The history of the bow tie may be murky, but unlike the wheel or gravity, it's recent enough for us to identify with, and even understand. Like most beginnings, the first signs of a bow tie came from necessity. In the 17th century, a young, ambitious fellow named Derek (real name unknown), who was a popular, sexually active Croatian mercenary during the Prussian Wars, needed something to hold together the opening of his 17th century shirt. To do this, he used a knotted piece of fabric - a look which caught on so rapidly, Sir Walter Topbuttön was right to feel his solution was completely overlooked.
French soldiers brought the look back home with them and in classic fashion, claimed it as their own. Although, in a nod to Derek and the Croats, they did call them Cravats which came from the French word for Croat. Once Cravats hit Paris, they went main stream among the upper class and were adorning necks everywhere for many years to come.
Long after Derek had passed, the cravat evolved into the bow tie from the search of something that could be perfectly symmetrical and decorative. In 1886 Pierre Lorillard cemented its importance when he designed the tuxedo with a black bow tie as the centre point, which led to the phrase Black Tie Attire.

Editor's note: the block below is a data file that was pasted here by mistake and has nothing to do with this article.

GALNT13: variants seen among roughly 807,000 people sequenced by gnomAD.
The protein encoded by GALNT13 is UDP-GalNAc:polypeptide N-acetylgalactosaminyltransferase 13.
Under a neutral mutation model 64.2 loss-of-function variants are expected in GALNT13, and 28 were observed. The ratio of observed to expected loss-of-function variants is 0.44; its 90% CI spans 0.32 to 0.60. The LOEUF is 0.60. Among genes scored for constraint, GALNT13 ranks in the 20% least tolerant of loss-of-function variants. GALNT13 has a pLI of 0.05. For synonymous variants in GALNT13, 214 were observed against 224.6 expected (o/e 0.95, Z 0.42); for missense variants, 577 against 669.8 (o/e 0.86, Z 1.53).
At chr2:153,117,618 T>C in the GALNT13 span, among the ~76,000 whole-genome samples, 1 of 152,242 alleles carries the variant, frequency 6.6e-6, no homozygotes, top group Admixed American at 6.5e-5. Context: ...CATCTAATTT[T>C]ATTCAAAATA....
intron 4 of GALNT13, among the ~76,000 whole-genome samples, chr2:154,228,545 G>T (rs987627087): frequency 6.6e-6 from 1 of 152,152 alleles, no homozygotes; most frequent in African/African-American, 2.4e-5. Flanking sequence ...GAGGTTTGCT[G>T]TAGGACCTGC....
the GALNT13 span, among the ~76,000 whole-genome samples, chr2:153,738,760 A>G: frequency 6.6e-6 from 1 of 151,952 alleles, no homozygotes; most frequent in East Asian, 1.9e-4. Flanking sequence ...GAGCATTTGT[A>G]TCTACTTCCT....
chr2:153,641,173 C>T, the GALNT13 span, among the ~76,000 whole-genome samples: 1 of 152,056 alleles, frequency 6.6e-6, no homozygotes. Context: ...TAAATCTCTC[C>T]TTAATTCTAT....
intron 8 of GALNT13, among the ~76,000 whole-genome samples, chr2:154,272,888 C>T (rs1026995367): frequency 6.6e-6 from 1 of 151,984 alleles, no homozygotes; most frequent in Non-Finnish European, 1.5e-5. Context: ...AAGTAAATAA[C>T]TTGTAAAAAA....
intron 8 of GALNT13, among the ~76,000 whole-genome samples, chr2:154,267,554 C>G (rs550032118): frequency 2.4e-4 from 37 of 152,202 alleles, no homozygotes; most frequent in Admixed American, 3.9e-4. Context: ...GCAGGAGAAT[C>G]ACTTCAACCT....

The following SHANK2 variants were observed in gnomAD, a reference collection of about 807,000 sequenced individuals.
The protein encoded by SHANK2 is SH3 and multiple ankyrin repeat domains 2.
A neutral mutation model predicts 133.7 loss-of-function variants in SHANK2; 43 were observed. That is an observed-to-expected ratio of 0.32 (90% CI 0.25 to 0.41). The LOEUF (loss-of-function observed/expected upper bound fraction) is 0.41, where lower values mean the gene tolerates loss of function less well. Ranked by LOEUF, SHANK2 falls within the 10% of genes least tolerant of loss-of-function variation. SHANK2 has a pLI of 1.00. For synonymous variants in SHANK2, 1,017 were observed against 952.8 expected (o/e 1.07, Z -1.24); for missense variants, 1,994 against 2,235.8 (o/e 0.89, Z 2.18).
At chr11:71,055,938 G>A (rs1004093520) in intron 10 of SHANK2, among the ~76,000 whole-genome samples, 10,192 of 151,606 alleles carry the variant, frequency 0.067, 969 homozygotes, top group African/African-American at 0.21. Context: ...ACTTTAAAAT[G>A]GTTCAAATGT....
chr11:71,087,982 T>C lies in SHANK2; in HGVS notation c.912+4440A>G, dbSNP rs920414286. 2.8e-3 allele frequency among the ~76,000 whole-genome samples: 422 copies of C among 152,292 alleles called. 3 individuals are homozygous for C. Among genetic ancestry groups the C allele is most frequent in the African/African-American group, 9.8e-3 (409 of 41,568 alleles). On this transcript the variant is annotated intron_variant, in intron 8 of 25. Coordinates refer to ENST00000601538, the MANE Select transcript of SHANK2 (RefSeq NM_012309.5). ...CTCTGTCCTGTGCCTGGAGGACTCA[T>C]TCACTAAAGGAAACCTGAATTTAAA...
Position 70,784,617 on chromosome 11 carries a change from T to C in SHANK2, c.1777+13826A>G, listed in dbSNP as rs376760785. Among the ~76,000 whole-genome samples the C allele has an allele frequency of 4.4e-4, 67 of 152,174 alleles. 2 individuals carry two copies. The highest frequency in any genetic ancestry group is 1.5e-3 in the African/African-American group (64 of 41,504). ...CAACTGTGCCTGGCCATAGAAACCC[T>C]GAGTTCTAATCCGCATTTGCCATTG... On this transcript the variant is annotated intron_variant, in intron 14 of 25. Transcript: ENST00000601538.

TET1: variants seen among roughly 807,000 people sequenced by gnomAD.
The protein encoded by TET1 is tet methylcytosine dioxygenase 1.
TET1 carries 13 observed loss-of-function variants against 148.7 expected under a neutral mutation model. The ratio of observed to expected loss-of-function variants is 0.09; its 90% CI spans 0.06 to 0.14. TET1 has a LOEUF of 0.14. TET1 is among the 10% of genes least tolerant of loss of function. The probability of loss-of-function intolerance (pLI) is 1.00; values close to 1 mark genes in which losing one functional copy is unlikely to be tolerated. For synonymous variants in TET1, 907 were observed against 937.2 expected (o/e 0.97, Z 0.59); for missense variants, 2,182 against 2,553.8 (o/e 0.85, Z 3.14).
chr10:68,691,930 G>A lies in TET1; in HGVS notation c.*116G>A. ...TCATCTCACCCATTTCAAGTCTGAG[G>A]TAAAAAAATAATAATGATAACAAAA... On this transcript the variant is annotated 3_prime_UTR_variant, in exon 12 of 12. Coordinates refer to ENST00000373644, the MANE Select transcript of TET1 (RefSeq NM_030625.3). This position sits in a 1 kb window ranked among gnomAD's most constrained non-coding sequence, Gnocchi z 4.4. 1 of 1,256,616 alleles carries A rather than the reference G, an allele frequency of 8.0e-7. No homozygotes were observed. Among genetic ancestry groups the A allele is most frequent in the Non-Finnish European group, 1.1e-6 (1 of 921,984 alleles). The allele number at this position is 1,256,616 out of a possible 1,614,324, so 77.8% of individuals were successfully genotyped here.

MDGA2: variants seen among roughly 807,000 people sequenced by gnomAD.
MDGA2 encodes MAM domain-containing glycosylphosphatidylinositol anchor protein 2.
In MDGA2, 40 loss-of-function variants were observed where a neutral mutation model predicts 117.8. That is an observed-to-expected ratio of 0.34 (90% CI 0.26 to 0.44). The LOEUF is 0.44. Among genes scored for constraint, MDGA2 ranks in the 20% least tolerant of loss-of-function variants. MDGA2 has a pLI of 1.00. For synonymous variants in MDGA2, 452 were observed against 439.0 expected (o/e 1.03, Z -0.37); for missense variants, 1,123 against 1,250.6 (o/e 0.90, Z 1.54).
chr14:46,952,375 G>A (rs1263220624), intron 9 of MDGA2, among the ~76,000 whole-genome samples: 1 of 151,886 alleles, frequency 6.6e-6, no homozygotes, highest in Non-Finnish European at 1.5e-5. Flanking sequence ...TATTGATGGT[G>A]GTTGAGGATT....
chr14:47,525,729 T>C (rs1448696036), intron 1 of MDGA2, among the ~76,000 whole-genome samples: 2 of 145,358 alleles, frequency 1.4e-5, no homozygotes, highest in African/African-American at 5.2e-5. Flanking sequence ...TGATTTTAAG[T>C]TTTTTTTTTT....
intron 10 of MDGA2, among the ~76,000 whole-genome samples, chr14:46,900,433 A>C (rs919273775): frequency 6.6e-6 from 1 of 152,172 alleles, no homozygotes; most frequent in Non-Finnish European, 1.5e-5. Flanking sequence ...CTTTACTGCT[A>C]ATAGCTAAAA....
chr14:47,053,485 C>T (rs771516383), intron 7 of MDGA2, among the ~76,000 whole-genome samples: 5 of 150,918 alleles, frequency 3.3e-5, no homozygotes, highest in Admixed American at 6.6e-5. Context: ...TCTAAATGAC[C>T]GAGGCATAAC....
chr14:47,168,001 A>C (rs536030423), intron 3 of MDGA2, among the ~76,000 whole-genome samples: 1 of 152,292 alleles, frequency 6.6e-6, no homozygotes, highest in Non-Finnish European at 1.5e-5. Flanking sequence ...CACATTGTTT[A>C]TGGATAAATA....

Since then, fashion of course has changed, repeated and shifted again and again. It went from a common accessory both for the upper and lower middle class, to flashy and showy, to political, back to formal, and then to casual again - then repeated those phases in a different order. Everyone from James Bond to Bill Nye, Sinatra to Pee Wee, and Rihanna to JT has sported a bow tie, and pulled it off well. Imagine if Derek could see what he started.
Cursor & Thread is so excited to be a part of bringing what was previously reserved for formal wear, back to everyday, casual, grabbing coffee, tinkering with the car wear. What was born out of necessity, has now been modified to be one of the most iconic accessories for men of all time.